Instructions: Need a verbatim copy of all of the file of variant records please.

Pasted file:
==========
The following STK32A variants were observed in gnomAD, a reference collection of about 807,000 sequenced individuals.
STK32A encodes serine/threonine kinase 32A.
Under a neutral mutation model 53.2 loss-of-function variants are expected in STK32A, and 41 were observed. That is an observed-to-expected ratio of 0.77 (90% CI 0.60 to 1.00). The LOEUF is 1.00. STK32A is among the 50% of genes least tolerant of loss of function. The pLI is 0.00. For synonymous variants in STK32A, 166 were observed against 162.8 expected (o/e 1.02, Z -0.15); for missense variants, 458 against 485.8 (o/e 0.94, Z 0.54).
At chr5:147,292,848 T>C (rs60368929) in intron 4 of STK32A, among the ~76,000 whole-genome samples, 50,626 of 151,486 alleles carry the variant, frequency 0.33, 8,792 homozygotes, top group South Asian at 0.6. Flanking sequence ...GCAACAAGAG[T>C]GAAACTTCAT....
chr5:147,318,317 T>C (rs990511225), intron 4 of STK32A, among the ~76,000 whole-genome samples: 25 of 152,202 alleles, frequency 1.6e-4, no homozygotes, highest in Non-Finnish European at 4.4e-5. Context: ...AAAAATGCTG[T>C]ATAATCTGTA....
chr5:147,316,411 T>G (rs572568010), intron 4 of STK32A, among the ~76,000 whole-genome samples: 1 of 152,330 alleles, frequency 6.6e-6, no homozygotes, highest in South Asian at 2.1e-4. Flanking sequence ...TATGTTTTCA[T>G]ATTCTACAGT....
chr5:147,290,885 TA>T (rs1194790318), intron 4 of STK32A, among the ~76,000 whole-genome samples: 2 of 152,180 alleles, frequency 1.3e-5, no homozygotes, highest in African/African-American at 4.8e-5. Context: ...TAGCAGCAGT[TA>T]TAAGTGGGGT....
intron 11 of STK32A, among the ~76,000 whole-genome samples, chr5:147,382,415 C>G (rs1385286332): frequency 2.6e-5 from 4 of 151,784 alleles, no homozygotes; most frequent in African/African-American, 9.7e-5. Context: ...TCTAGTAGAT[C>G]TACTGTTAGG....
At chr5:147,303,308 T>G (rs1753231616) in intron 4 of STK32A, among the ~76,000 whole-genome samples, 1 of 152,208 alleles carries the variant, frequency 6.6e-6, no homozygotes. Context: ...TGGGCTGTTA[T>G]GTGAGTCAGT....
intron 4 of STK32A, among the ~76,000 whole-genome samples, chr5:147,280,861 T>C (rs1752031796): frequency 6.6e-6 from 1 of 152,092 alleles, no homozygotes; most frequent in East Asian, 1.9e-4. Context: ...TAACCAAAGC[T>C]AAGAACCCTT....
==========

The following STK32A variants were observed in gnomAD, a reference collection of about 807,000 sequenced individuals.
STK32A encodes serine/threonine kinase 32A.
Under a neutral mutation model 53.2 loss-of-function variants are expected in STK32A, and 41 were observed. That is an observed-to-expected ratio of 0.77 (90% CI 0.60 to 1.00). The LOEUF is 1.00. STK32A is among the 50% of genes least tolerant of loss of function. The pLI is 0.00. For synonymous variants in STK32A, 166 were observed against 162.8 expected (o/e 1.02, Z -0.15); for missense variants, 458 against 485.8 (o/e 0.94, Z 0.54).
At chr5:147,292,848 T>C (rs60368929) in intron 4 of STK32A, among the ~76,000 whole-genome samples, 50,626 of 151,486 alleles carry the variant, frequency 0.33, 8,792 homozygotes, top group South Asian at 0.6. Flanking sequence ...GCAACAAGAG[T>C]GAAACTTCAT....
chr5:147,318,317 T>C (rs990511225), intron 4 of STK32A, among the ~76,000 whole-genome samples: 25 of 152,202 alleles, frequency 1.6e-4, no homozygotes, highest in Non-Finnish European at 4.4e-5. Context: ...AAAAATGCTG[T>C]ATAATCTGTA....
chr5:147,316,411 T>G (rs572568010), intron 4 of STK32A, among the ~76,000 whole-genome samples: 1 of 152,330 alleles, frequency 6.6e-6, no homozygotes, highest in South Asian at 2.1e-4. Flanking sequence ...TATGTTTTCA[T>G]ATTCTACAGT....
chr5:147,290,885 TA>T (rs1194790318), intron 4 of STK32A, among the ~76,000 whole-genome samples: 2 of 152,180 alleles, frequency 1.3e-5, no homozygotes, highest in African/African-American at 4.8e-5. Context: ...TAGCAGCAGT[TA>T]TAAGTGGGGT....
intron 11 of STK32A, among the ~76,000 whole-genome samples, chr5:147,382,415 C>G (rs1385286332): frequency 2.6e-5 from 4 of 151,784 alleles, no homozygotes; most frequent in African/African-American, 9.7e-5. Context: ...TCTAGTAGAT[C>G]TACTGTTAGG....
At chr5:147,303,308 T>G (rs1753231616) in intron 4 of STK32A, among the ~76,000 whole-genome samples, 1 of 152,208 alleles carries the variant, frequency 6.6e-6, no homozygotes. Context: ...TGGGCTGTTA[T>G]GTGAGTCAGT....
intron 4 of STK32A, among the ~76,000 whole-genome samples, chr5:147,280,861 T>C (rs1752031796): frequency 6.6e-6 from 1 of 152,092 alleles, no homozygotes; most frequent in East Asian, 1.9e-4. Context: ...TAACCAAAGC[T>C]AAGAACCCTT....